Friday, September 9, 2016

Worm: The Wyrm

Dragon's secret of course, is that she's human.



Yes, Dragon is still a bundle of wires instead of a bundle of organic neurons, but she comes from the first half of Worm where the development of characters is humanist. We get her perspective, and it's a believable, reasonable, complex, even sentimental perspective.

Hell, she has a girlish crush on Armsmaster. (It's interesting how Worm uses "unfulfilled romantic desires" as a way to humanize the monstrous-appearing female characters. There's Dragon, there's the heartbreaking scene with Sveta and Dr. Yamada, there's epilogue Bitch, etc.) There's all sorts of details and aesthetic stylings that portray her in a human light.

In contrast, the actual inhuman characters are more like Glaistic Uaine, Eidolon, Scion, Contessa, the international villain teams, Ziz, and Khepri. We can far more empathize with Dragon, the AI, than we can with those freaks.

Dragon even takes a spin on the idea that we need to place unbreakable bonds on an AI so it doesn't take over the world, by asking "okay then, what should she be yoked to? Oh, the government. That's great." So we're tormented by this image of a very human person who has the power to do good, forced to do evil by a stubborn or malicious government. This is extremely powerful in the scenes where Canary is introduced to the Birdcade, and where Dragon and Defiant invade Taylor's school. It's reminiscent of the oppressive Superman in Frank Miller's "Dark Knight Returns", though even scarier because even the possibility of rebellion is ontologically foreclosed.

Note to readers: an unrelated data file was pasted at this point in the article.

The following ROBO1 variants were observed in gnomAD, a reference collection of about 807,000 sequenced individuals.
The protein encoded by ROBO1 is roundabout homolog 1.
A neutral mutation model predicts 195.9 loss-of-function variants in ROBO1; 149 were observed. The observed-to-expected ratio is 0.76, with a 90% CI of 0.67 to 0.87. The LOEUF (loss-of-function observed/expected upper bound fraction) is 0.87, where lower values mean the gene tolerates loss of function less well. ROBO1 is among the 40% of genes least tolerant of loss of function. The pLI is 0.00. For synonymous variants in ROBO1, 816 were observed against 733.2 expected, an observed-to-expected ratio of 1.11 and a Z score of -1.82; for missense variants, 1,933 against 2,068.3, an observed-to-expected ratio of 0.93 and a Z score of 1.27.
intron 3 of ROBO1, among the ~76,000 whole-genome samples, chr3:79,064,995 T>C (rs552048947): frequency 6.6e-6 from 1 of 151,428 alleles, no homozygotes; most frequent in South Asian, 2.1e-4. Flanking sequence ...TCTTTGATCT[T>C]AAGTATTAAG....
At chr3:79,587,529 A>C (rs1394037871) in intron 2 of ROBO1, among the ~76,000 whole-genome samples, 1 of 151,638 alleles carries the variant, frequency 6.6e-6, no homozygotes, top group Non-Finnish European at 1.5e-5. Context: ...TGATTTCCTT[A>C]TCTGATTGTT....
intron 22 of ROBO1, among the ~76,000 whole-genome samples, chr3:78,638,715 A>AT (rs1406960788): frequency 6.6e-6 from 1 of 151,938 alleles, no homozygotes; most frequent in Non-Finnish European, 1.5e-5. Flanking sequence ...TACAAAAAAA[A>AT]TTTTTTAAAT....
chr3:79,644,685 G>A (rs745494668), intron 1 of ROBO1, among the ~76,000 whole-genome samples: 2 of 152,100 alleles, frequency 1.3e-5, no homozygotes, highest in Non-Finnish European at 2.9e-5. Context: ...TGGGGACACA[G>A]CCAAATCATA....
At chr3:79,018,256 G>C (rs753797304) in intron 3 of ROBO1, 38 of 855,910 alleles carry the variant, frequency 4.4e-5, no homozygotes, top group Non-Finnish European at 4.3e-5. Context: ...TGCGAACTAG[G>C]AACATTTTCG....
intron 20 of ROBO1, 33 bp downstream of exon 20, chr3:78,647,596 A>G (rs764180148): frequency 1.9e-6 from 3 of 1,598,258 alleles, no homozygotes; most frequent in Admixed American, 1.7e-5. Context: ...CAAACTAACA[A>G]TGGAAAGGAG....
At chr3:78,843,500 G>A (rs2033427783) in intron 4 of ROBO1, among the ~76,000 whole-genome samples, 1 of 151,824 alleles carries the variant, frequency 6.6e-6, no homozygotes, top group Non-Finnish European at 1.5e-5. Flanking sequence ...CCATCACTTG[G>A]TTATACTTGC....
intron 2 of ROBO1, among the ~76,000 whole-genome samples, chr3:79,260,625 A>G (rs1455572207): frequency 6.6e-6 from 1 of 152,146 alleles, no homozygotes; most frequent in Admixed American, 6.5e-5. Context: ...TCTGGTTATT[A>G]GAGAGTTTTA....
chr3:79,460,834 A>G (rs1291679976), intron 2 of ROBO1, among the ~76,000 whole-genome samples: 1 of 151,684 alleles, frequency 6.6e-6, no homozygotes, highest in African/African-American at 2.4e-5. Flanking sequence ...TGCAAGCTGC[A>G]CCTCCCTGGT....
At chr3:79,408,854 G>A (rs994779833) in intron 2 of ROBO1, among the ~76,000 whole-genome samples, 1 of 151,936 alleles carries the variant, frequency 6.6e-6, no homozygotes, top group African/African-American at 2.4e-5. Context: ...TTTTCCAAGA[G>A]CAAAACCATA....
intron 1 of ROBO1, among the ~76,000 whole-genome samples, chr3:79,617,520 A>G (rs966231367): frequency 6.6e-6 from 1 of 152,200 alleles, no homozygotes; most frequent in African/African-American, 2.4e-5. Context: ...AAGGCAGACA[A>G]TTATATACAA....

(It's less powerful in the scenes with the comicly inept Saint, but we'll discuss how that thread works on a future date. Suffice it to say, watching her wrestle to throw off her bindings against him is the truest moral ambiguity in Worm.)

So far this is pretty good stuff. It's made literal in the text when Defiant discovers that she had a trigger event too. Oh, also when they have sex.

But the value of reading a fully realized AI character only goes so far (about as far as Crystal Society ). Dragon goes a little farther.

Because Dragon is still a god.

***

As far as humans go, Dragon is a pretty good one. Beyond simply being on the side of the "good guys", she clearly has an instinctive sympathy for the lowest and outcasts. It's no coincidence we first get her point of view while she is guarding and growing to love the prisoner Armsmaster. In combat situations she goes to extreme lengths not to unnecessarily hurt a villain. She sees an innocent person being thrown into the Birdcage so she... writes a letter to the judge asking for mercy. Refusing is impossible, and she can not see beyond the idea of the Birdcage existing, so she does what little she can within the system and acts like what we would consider a mature, responsible adult. And even aside from the innocents, she tries to organize life in the Birdcage (which she runs) so as to reduce their pain and death.